The protagonist Jeff deliberately ignores his close surroundings to avoid introspection. Throughout the film, Jeff is endlessly observing out of his window to the detriment of people that are actually communicating with him inside his apartment. He is first warned by Stella, that he should “get outside… and look in for a change” which is Stella’s suggestion to Jeff to settle down and marry his ideal fit, Lisa. However, Jeff instantly dismisses the idea, using “too perfect” as his excuse to reject Lisa, showing his enthusiasm to the outside world, instead of his more important life commitment. Furthermore, when Lisa is initially mentioned, Jeff turns his attention to his neighbors, especially Mr Thorwald’s nagging wife, which reflects inwardly Jeff’s fear of what might become of their relationship. The Thorwalds’ marriage further confirms his belief that marriage is a negative option, resulting in a containment and the end of his career. Moreover, unlike a typical male, when Jeff is being seduced by Lisa, his attention remains on the mystery of Anna Thorwald’s disappearance. Jeff’s dismissive behavior, confirms to the audience that Jeff is purposely refuting Lisa, choosing to obsess over his neighbors rather than his girlfriend. Nonetheless, as soon as Lisa accepts his suspicion of murder, Jeff can no longer use voyeurism as an excuse to ignore Lisa; instead, he acknowledges her accompany and become relies on Lisa to gain extra information about the case. As the suspense continues, Lisa’s uses her “feminine intuition” to work along with Jeff and in an attempt to convince detective Doyle. Therefore, Hitchcock clearly suggests that, as Lisa shares Jeff’s curiosity and the firm ambition to proof the murder, Jeff has no choice but to accept her as he urgently needs her support.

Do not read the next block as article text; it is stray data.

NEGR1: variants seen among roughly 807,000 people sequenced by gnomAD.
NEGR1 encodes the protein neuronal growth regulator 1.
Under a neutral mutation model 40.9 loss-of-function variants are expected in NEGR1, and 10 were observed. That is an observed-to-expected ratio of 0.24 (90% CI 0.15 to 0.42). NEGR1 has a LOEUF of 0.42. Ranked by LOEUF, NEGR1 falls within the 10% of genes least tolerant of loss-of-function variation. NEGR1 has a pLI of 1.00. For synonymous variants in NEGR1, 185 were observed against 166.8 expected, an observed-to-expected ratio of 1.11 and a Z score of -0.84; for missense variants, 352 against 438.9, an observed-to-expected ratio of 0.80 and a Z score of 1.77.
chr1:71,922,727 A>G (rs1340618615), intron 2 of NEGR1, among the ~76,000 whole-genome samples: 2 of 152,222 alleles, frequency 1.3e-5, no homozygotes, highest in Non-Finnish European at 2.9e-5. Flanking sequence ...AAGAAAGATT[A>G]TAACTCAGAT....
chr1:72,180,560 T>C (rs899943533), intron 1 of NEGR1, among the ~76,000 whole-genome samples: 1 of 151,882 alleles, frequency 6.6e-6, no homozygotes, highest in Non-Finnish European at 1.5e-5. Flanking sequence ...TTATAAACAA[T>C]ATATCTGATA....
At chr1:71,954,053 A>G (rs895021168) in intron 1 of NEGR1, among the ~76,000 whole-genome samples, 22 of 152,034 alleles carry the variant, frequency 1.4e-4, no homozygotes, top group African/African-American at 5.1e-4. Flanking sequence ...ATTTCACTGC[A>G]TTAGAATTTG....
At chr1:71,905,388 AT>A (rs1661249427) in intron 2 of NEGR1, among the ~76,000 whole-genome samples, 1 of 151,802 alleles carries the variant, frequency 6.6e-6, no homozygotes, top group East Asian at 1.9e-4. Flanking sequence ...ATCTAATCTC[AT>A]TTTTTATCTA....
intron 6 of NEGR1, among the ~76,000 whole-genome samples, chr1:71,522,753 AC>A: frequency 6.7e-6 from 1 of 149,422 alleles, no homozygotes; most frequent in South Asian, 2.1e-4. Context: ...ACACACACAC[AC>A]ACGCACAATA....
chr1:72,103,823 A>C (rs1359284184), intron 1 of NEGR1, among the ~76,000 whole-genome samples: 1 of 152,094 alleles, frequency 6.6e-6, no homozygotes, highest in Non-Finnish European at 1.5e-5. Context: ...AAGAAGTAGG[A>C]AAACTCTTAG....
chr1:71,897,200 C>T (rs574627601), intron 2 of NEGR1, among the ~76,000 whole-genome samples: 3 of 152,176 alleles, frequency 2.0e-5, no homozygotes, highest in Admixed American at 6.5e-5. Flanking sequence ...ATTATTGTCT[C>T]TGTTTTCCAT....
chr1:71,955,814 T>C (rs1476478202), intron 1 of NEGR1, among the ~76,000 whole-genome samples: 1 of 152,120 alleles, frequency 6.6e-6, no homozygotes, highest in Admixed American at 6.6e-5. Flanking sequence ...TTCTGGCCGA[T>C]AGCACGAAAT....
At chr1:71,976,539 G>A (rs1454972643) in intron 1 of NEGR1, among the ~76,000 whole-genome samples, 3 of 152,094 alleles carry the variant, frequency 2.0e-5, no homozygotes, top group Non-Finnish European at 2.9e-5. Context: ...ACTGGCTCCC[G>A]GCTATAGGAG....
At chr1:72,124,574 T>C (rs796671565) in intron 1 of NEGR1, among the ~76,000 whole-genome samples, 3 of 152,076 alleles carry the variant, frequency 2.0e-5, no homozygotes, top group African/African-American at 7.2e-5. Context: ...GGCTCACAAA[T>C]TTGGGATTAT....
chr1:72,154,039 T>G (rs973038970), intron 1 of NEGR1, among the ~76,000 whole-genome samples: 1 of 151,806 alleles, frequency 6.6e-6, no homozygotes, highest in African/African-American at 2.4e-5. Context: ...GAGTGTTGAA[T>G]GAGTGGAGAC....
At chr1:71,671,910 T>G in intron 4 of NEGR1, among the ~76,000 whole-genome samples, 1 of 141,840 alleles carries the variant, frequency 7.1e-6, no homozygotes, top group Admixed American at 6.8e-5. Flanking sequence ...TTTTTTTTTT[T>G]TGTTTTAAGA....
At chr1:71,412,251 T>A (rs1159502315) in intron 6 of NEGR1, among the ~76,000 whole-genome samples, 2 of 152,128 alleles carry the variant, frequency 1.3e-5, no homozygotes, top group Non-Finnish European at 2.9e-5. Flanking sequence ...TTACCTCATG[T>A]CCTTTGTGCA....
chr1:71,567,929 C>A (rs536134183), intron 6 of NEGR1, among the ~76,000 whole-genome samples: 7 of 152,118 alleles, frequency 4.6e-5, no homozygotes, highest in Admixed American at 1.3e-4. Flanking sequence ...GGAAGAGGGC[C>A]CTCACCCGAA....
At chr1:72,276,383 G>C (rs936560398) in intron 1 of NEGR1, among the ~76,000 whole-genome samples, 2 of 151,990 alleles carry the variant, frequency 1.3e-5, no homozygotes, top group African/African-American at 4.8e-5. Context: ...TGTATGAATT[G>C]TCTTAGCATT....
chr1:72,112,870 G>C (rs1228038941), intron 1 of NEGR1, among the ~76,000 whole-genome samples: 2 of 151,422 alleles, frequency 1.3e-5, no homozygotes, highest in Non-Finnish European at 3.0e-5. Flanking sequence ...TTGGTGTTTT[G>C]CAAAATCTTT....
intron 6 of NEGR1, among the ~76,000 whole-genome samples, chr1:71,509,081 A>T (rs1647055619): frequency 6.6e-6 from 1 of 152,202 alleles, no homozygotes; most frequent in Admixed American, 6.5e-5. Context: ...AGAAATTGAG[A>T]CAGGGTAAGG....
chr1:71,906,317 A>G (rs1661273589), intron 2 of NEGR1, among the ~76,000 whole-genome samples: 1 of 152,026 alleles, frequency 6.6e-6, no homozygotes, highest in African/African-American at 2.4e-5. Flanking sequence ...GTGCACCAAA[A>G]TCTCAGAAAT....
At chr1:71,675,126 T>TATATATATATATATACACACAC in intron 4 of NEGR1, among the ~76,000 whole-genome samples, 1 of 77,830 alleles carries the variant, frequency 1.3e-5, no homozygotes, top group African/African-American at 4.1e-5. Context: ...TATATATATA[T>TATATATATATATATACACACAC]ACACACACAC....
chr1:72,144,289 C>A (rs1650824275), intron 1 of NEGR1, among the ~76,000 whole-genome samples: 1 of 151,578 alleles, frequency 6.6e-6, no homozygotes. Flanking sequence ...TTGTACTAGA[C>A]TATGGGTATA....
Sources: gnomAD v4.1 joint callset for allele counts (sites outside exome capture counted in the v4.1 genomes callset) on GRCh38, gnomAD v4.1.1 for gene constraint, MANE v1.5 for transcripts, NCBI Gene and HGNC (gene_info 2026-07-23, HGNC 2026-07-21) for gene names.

Hitchcock carefully crafts the scenes to position the viewers to share the concerns of the main protagonists. The film starts with the credits scene, where the neighborhood and Jeff are slowly being revealed. Hitchcock intentionally positions the camera as if it is monitoring Jeff “like a bug under a glass”, this positions the viewers to perform the exact same action as Jeff. Additionally, the special panning effect and the diversely interesting neighbors, this quickly immerses the viewers to form a similar judgement as Jeff, who firmly believes that Thorwald is guilty. Furthermore, Hitchcock’s short scene of Mr Thorwald leaving the apartment with an unknown woman gives critical information only to the viewers. The suspense is further elevated, with information from Doyle, suggesting that ”Thorwald is no more a murderer than [him]”. Viewers are swayed to share Jeff’s confusion, as the evidence is presented. Most importantly, at this point, the viewers are unknowingly repeating Jeff’s action, which is voyeuring on others and becoming concerned about other people’s business. Hitchcock uses this method to sarcastically reflect on the 1950s American society, where some individuals accused others of being communist sympathisers. Therefore, Hitchcock evokes the same issues that the protagonists in the film experience to the audience and forces them to consider more about their own lives instead of always focusing on what others are doing.
In conclusion, Hitchcock uses the character of Jeff, to explain the moral dilemma that arises from prying upon others. Additionally, as the film progresses, characters become more and more acceptable to each other and begin to perform actions that they initially considered unethical. Furthermore, Hitchcock positions the audience to share Jeff’s perspective, by involving them through the suspense of the film, challenging the audience to consider redirecting their attention towards their own lives.